Thanks Craig for teaching me a lot of things. I am just learning a lot why PG hacking/development is the way it is.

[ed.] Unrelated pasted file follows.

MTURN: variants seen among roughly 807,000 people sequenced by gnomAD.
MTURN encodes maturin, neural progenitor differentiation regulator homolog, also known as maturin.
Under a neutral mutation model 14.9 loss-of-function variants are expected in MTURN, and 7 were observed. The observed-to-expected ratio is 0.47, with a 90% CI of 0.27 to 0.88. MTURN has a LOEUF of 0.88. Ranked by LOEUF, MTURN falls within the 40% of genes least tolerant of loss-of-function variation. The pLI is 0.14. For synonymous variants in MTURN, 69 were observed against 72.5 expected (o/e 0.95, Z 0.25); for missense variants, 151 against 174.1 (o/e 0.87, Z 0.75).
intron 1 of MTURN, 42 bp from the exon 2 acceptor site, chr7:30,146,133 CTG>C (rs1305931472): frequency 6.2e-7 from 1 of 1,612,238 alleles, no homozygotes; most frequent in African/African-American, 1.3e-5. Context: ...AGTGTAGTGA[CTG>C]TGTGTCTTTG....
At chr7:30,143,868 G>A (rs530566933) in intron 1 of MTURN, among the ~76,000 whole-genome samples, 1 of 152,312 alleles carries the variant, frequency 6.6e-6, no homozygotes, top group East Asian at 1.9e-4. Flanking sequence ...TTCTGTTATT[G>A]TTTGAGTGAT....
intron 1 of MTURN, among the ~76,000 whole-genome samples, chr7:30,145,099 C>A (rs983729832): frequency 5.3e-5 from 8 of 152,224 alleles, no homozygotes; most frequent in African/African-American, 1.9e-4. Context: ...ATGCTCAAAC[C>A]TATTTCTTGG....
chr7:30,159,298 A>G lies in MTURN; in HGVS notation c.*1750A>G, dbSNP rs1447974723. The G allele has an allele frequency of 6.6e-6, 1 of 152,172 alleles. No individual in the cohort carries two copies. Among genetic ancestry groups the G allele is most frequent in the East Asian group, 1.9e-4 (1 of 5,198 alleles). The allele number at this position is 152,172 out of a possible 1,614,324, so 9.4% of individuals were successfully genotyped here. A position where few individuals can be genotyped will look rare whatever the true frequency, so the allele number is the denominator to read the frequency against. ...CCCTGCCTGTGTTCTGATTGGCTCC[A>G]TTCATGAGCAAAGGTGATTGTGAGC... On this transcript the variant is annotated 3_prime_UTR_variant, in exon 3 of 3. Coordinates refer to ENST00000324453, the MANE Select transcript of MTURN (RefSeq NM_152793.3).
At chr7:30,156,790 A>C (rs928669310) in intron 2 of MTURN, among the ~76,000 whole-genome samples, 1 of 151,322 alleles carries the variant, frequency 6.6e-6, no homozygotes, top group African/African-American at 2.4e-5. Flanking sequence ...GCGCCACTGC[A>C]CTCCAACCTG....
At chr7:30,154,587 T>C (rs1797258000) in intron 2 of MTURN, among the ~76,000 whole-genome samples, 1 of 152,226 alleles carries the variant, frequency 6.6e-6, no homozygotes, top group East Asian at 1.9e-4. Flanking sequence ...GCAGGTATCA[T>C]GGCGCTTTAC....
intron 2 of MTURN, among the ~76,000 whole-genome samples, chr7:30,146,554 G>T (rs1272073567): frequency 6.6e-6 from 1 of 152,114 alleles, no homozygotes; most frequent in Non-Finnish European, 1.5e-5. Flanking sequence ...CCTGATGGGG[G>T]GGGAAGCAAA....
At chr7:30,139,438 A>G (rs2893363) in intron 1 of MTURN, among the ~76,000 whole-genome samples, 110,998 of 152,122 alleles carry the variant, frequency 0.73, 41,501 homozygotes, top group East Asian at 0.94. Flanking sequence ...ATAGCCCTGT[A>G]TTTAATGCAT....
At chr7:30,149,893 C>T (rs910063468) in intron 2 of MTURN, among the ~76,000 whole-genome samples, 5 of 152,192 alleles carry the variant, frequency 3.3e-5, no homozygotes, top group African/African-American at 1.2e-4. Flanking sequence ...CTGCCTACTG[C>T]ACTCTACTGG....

Regarding interest and enthusiasm, no problem. Whats is lacking is the skill-sets and I believe having interest and enthusiasm and with your support, we will expand PG hacking/devs/usage in Africa and other continents. People here in Africa using Oracle/SQL Server/IBM products(generally commercial products) even for which PG is more than enough. I want to change this scenario and trend and I hope one day in the future there will be PG conference in Africa/Ethiopia which is my country. Thanks, zeray On Tue, Apr 18, 2017 at 10:54 AM, Craig Ringer <cr...@2ndquadrant.com> wrote: > On 18 April 2017 at 15:41, Kang Yuzhe <tiggree...@gmail.com> wrote: > > Thanks Simon for taking your time and trying to tell and warn me the > harsh > > reality truth:there is no shortcut to expertise. One has to fail and rise > > towards any journey to expertise. > > Yeah, just because Pg is hard doesn't mean it's notably bad or worse > than other things. I generally find working on code in other projects, > even smaller and simpler ones, a rather unpleasant change. > > That doesn't mean we can't do things to help interested new people get > and stay engaged and grow into productive devs to grow our pool. > > > Overall, you are right. But I do believe that there is a way(some > > techniques) to speed up any journey to expertise. One of them is > mentorship. > > For example(just an example), If you show me how to design and implement > FDW > > to Hadoop/HBase., I believe that I will manage to design and implement > FDW > > to Cassandra/MengoDB. > > TBH, that's the sort of thing where looking at existing examples is > often the best way forward and will stay that way. > > What I'd like to do is make it easier to understand those examples by > providing background and overview info on subsystems, so you can read > the code and have more idea what it does and why. > > > But almost nothing about The Internals of PostgreSQL: > > Not surprising. They'd go out of date fast, be a huge effort to write > and maintain, and sell poorly given the small audience. > > Print books probably aren't the way forward here. > > -- > Craig Ringer http://www.2ndQuadrant.com/ > PostgreSQL Development, 24x7 Support, Training & Services >